A lot of material out there because of the Hugo voting deadline tomorrow but if you want more than the three items I included in today’s Scroll then Google is your friend.
(1) Today in History!
1932: Walt Disney released his first color cartoon, “Flowers and Trees,” made in three-color Technicolor.
1976: NASA released the famous “Face on Mars” photo, taken by Viking 1
(2) And Today’s Birthday Boy and Girl – what a coincidence!
Born 1965: J. K. Rowling
Born: Harry Potter (main character of Harry Potter series)
(3) “The Tom-cademy Awards: The Only Awards Show Exclusively for Tom Cruise Movies” is part of a weeklong Cruise-themed series on Grantland. The author anoints Emily Blunt as the Best Supporting Actress of any Cruise movie.
The wonderful thing about EoT is that it’s really funny. It achieves that by not pretending the audience has never seen a time-travel movie. Instead, Edge of Tomorrow claps the audience firmly on the shoulder and, smiling, asks (rhetorically), “Hey, wanna see Tom Cruise get iced?” And, as it turns out, watching The Character Named Tom Cruise getting killed in fun and interesting ways, ways that show just enough exposed cranium to make the exercise mean something, is pretty invigorating.
But! Do we not, paradoxically, also want to see The Character Named Tom Cruise succeed? To save the world and get the girl? Yeah, of course we do. This is Tom Cruise we’re talking about. And it’s Blunt, playing it straight the whole time while kicking a Ripley-in-Aliens level of xenomorph butt, who has to downshift from hero-on-a-recruiting-poster to woman-who-we-kind-of-want-to-see-kiss-Tom-Cruise in order to make Cage’s journey from charming coward to soldier/love interest believable. He’s the hero we deserve, that we also need to see die.
Genre films Minority Report (Best Visual Effects) and Interview With The Vampire (Best Costume Design) also take home the hardware.
(4) Janis Ian, who now writes in the sf field, has her own Bill Cosby story from when she was a teenager preparing to sing her hit song on The Smothers Brothers show in 1967.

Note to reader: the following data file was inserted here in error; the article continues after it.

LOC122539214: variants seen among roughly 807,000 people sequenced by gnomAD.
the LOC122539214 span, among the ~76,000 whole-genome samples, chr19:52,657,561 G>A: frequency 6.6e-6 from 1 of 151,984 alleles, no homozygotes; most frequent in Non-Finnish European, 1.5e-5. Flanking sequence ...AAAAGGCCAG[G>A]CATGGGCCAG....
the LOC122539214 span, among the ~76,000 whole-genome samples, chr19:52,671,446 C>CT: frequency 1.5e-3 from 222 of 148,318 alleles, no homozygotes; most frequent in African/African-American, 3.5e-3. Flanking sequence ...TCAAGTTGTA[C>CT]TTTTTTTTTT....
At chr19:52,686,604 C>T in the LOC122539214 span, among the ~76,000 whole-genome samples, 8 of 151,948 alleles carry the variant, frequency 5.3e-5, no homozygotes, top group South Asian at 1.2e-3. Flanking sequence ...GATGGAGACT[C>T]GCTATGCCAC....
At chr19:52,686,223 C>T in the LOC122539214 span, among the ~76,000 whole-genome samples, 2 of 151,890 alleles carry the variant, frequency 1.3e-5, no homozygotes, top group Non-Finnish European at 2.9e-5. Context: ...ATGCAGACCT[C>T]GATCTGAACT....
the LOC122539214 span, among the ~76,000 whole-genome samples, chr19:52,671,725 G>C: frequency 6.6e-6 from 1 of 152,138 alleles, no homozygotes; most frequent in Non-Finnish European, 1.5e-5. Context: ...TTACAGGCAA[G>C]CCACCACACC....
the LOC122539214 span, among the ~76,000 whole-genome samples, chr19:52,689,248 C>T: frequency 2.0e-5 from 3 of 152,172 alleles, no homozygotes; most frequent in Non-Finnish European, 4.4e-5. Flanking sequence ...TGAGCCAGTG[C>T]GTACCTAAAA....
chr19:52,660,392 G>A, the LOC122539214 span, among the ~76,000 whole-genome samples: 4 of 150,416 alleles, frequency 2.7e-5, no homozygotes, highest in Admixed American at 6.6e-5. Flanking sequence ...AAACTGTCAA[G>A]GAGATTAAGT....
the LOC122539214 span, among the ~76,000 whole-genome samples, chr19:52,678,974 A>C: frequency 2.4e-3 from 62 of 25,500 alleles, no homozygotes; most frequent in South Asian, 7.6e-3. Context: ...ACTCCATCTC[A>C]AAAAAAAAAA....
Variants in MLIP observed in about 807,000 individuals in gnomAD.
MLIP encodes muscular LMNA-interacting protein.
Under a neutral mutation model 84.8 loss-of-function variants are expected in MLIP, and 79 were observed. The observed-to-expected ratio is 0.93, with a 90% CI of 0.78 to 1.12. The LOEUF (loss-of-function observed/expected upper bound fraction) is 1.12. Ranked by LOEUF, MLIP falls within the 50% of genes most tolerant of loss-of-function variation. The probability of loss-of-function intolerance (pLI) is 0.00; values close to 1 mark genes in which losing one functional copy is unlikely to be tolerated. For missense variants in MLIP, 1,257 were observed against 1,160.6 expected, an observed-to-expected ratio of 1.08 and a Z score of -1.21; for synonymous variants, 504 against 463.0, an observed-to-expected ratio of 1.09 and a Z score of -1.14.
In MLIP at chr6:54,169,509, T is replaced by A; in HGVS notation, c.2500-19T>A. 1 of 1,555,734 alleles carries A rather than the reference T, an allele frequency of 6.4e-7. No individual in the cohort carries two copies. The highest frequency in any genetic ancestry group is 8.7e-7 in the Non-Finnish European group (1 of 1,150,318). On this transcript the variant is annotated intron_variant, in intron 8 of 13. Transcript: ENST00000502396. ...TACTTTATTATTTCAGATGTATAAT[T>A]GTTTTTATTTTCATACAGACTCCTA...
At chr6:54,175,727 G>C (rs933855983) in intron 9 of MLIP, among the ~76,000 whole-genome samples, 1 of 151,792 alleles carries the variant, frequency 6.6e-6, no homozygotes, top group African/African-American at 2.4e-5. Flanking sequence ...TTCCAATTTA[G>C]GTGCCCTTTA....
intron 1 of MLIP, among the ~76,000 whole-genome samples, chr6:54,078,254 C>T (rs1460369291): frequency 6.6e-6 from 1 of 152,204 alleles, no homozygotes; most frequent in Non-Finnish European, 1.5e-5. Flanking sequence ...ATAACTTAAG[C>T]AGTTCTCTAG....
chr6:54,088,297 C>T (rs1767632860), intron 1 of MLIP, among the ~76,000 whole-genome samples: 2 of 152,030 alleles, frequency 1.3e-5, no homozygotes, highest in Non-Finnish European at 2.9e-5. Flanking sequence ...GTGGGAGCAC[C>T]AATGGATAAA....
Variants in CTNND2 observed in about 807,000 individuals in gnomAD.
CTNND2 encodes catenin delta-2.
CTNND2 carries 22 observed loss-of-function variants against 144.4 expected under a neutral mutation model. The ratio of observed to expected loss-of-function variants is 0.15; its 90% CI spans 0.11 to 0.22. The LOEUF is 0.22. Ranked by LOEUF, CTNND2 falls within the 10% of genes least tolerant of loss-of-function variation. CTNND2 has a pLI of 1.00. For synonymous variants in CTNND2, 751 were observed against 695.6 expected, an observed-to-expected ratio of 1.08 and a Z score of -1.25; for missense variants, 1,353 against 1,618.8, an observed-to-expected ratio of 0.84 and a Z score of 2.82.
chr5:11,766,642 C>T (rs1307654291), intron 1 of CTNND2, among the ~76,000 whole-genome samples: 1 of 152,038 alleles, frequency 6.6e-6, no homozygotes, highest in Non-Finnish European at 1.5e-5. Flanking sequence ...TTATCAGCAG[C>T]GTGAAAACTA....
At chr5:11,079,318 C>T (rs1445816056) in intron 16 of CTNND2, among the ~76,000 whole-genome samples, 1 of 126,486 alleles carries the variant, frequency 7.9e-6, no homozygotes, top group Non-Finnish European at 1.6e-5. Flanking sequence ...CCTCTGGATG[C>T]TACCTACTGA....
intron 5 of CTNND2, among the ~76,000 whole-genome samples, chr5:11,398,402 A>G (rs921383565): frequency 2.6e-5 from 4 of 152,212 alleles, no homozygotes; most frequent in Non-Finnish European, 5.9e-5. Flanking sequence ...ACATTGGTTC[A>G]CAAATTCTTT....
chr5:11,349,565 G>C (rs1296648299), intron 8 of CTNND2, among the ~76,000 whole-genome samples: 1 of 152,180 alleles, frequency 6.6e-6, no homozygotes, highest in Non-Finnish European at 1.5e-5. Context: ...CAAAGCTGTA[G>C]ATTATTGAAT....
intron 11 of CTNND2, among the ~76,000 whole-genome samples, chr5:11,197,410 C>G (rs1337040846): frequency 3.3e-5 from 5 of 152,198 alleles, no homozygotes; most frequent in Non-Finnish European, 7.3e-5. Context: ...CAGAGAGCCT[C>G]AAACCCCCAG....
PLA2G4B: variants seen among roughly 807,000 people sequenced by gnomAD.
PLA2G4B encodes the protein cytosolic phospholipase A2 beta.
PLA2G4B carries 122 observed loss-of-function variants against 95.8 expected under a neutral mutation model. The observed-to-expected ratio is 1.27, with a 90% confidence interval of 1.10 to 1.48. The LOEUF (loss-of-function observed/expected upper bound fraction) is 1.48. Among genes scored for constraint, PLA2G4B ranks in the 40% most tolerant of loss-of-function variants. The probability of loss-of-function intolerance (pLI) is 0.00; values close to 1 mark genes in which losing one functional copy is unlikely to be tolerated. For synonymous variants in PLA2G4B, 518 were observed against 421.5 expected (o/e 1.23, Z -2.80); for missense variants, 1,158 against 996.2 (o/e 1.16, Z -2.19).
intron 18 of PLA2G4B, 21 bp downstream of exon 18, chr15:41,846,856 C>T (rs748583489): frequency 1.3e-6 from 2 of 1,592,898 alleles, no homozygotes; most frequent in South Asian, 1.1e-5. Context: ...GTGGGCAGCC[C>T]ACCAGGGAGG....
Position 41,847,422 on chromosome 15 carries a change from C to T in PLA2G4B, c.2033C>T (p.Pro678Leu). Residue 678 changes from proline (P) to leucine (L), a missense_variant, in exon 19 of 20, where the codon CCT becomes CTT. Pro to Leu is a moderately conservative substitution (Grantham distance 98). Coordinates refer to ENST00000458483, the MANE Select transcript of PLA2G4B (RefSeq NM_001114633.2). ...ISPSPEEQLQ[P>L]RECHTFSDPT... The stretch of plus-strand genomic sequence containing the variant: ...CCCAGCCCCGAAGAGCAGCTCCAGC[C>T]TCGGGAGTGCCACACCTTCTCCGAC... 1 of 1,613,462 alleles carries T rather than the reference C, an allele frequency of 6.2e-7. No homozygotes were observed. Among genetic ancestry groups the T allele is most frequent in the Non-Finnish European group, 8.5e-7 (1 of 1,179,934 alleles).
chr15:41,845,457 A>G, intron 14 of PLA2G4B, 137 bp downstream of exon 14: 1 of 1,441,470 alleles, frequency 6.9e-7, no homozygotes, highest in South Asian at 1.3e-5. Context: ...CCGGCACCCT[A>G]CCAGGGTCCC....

In her post, Ian accused Cosby of publicly outing her as a lesbian, based on a chance meeting backstage at a television show.
“Cosby was right in one thing. I am gay. Or bi, if you prefer, since I dearly loved the two men I lived with over the years. My tilt is toward women, though, and he was right about that.”
(5) On to tamer subjects – the Worldcon business meeting. Kevin Standlee hopes to discourage complaints while rewarding the reader’s attention with a good discussion of why meetings adopt Roberts Rules or the equivalent:
The reason that parliamentary procedure is complex is that it’s trying to balance a bunch of contradictory rights. If you’re someone who is convinced that your personal, individual right to speak for as long as you want and as many times at you want trumps the rights of the group to be able to finish the discussion and reach a decision in a reasonable time, well, it’s unlikely that you’ll ever be happy with any rules that allow for limits on debate. If you’re someone who has no patience with debate and just wants the Strong Man to Make Decisions, you’ll never be pleased with rules that allow for people to debate and reach a group decision through voting….
And he invites your help to improve how WSFS meetings are run.
WSFS rules are complicated because the people who attend the meetings have effectively voted for complexity, but also because some of the complexity is required to protect the rights of members, both individually and in groups, and including the members who aren’t even at the meeting. If you have a better way for deciding how we should run things, the onus is on you to propose something. As long as you just complain that “it’s too complicated,” without proposing something both easier and workable, don’t expect to be taken seriously.